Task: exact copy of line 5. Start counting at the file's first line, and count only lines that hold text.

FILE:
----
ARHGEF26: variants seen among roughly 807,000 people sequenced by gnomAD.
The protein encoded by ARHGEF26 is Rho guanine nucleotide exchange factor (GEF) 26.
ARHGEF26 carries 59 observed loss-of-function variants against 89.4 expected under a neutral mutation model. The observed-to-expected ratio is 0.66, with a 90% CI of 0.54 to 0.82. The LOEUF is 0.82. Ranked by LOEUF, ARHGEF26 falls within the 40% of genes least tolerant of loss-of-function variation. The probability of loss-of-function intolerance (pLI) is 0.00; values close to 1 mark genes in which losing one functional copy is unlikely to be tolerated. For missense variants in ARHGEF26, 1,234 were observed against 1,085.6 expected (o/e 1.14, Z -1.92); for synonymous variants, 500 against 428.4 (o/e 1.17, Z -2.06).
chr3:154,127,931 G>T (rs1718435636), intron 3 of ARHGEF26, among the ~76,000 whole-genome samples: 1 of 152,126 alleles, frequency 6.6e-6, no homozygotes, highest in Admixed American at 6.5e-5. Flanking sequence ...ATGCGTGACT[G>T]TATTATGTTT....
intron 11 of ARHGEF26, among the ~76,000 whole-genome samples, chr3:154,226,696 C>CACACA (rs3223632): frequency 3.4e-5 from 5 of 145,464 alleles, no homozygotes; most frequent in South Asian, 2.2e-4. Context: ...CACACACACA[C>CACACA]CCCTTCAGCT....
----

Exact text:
intron 11 of ARHGEF26, among the ~76,000 whole-genome samples, chr3:154,226,696 C>CACACA (rs3223632): frequency 3.4e-5 from 5 of 145,464 alleles, no homozygotes; most frequent in South Asian, 2.2e-4. Context: ...CACACACACA[C>CACACA]CCCTTCAGCT....